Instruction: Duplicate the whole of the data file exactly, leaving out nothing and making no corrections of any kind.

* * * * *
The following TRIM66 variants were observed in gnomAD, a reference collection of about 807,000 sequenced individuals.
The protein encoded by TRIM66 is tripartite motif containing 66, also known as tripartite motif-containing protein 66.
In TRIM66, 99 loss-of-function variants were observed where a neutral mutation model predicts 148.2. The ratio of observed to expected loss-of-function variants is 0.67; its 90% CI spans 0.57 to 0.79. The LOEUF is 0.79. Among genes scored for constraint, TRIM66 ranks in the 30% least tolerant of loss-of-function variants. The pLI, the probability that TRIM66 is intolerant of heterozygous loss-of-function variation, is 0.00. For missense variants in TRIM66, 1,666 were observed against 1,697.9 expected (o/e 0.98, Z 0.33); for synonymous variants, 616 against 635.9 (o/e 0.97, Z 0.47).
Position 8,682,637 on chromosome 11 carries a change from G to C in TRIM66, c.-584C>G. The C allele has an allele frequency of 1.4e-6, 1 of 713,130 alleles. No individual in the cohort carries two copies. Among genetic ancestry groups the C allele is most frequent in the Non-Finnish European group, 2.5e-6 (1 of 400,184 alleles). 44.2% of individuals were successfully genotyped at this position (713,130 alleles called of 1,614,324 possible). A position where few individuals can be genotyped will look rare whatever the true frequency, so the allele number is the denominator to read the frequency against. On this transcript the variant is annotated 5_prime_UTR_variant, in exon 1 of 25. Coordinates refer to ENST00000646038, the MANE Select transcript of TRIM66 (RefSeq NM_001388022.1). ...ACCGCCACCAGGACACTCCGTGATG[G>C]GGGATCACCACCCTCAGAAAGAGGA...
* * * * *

The following TRIM66 variants were observed in gnomAD, a reference collection of about 807,000 sequenced individuals.
The protein encoded by TRIM66 is tripartite motif containing 66, also known as tripartite motif-containing protein 66.
In TRIM66, 99 loss-of-function variants were observed where a neutral mutation model predicts 148.2. The ratio of observed to expected loss-of-function variants is 0.67; its 90% CI spans 0.57 to 0.79. The LOEUF is 0.79. Among genes scored for constraint, TRIM66 ranks in the 30% least tolerant of loss-of-function variants. The pLI, the probability that TRIM66 is intolerant of heterozygous loss-of-function variation, is 0.00. For missense variants in TRIM66, 1,666 were observed against 1,697.9 expected (o/e 0.98, Z 0.33); for synonymous variants, 616 against 635.9 (o/e 0.97, Z 0.47).
Position 8,682,637 on chromosome 11 carries a change from G to C in TRIM66, c.-584C>G. The C allele has an allele frequency of 1.4e-6, 1 of 713,130 alleles. No individual in the cohort carries two copies. Among genetic ancestry groups the C allele is most frequent in the Non-Finnish European group, 2.5e-6 (1 of 400,184 alleles). 44.2% of individuals were successfully genotyped at this position (713,130 alleles called of 1,614,324 possible). A position where few individuals can be genotyped will look rare whatever the true frequency, so the allele number is the denominator to read the frequency against. On this transcript the variant is annotated 5_prime_UTR_variant, in exon 1 of 25. Coordinates refer to ENST00000646038, the MANE Select transcript of TRIM66 (RefSeq NM_001388022.1). ...ACCGCCACCAGGACACTCCGTGATG[G>C]GGGATCACCACCCTCAGAAAGAGGA...